I have read, recently, that it is better for a student of philosophy to have completely mastered the secondary literature before moving on to the primary. Is this really the best approach to a philosophical text?

Mastering! If so, no one would get around to primary texts!

My answer would be: it depends on what is the student’s purpose in reading. As your question suggests, there are two sides to this issue.

One the one hand, what does it matter if you have read Aristotle (for example) if you are unaware of how Aristotle’s work is understood and put to use in contemporary philosophy? Otherwise, you are studying history rather than philosophy (nothing wrong with history, but it’s a different subject). This last argument conceives of philosophy as a contemporary subject matter, like physics or sociology. If the purpose of reading philosophical books is to learn philosophy, then starting with the secondary material is at least efficient and perhaps even necessary.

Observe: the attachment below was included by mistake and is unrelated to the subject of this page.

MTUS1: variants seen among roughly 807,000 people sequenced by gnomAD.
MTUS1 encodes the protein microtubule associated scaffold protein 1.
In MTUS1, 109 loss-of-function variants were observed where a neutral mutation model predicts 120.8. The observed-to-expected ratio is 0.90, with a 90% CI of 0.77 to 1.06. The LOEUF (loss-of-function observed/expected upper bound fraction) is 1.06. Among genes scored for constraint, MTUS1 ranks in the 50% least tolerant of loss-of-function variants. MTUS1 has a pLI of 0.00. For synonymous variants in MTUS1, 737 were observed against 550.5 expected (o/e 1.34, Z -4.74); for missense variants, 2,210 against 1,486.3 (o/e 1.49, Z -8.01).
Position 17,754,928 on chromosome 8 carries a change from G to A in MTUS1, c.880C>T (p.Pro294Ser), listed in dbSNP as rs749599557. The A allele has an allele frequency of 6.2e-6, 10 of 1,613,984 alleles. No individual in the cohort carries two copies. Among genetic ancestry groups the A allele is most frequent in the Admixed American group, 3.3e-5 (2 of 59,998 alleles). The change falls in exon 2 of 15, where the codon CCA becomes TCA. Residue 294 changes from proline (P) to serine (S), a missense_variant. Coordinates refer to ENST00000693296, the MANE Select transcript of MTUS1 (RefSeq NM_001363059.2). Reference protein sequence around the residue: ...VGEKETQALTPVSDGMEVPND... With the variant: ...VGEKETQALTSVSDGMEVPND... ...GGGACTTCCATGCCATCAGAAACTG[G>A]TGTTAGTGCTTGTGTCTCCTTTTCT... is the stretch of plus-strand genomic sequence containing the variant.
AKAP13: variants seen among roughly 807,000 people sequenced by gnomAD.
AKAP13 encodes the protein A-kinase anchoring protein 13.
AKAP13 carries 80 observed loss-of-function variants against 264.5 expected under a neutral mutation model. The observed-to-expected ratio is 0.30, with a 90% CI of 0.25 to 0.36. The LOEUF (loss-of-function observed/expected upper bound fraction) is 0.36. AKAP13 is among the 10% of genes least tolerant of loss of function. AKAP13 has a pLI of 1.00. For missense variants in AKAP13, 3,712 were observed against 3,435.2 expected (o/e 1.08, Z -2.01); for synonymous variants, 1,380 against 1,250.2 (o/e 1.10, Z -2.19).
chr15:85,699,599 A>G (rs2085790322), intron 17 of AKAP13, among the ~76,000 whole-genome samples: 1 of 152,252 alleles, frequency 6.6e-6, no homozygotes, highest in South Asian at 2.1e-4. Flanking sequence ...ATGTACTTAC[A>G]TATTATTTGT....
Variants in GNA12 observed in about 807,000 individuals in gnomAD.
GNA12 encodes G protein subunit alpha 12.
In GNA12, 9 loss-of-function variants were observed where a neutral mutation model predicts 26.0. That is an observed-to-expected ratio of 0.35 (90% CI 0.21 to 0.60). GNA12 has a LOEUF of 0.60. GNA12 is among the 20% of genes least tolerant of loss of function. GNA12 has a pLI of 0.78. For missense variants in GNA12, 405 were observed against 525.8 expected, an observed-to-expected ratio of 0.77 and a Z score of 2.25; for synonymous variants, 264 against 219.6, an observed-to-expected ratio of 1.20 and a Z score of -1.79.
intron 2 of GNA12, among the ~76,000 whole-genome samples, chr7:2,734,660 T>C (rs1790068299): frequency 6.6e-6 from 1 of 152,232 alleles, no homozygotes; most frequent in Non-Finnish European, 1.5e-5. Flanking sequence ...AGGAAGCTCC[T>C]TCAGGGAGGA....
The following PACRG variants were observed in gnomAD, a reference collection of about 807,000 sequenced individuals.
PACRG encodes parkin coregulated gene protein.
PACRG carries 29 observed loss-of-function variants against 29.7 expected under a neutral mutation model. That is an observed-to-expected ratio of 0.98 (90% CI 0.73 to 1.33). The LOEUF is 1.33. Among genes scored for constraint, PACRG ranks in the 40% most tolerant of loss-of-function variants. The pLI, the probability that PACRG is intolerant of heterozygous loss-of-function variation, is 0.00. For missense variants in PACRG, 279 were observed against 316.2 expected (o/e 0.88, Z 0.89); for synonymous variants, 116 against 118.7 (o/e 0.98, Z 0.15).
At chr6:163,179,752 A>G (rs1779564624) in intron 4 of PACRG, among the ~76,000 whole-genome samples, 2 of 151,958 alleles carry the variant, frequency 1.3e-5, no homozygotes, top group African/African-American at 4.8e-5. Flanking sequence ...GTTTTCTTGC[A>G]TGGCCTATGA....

On the other hand, suppose the purpose is not to master the subject content, but rather to learn to philosophise. That means, I suppose, to think critically and carefully about problems, examine one’s assumptions, draw implications. It also means, to have the skills and self-confidence to read the next primary text. If that is the case, then where better to learn this than from the ‘masters’? Accordingly, toss aside all those secondary texts and head straight for the original.

Of course, many books from the history of philosophy appear both forbidding and alien. How could they be read without some guidance? The best overall pedagogical advice is probably somewhere in between.

Philosophy differs from physics in this respect. If you want to learn physics, you pretty much have to start with textbooks. Indeed you may well complete an undergraduate major in physics without ever reading a research paper. But philosophy is a deep-end-first subject. The text you are reading in your freshman course may be the same text your teacher is focusing on for her research. That is one of the neat things about the subject. Of course not just any primary source is a good place to start: Kant can wait. But anyone with decent reading skills could do a lot worse than start their philosophical career by reading Plato's Meno or Descartes' Meditations or Hume's Inquiry concerning Human Understanding.

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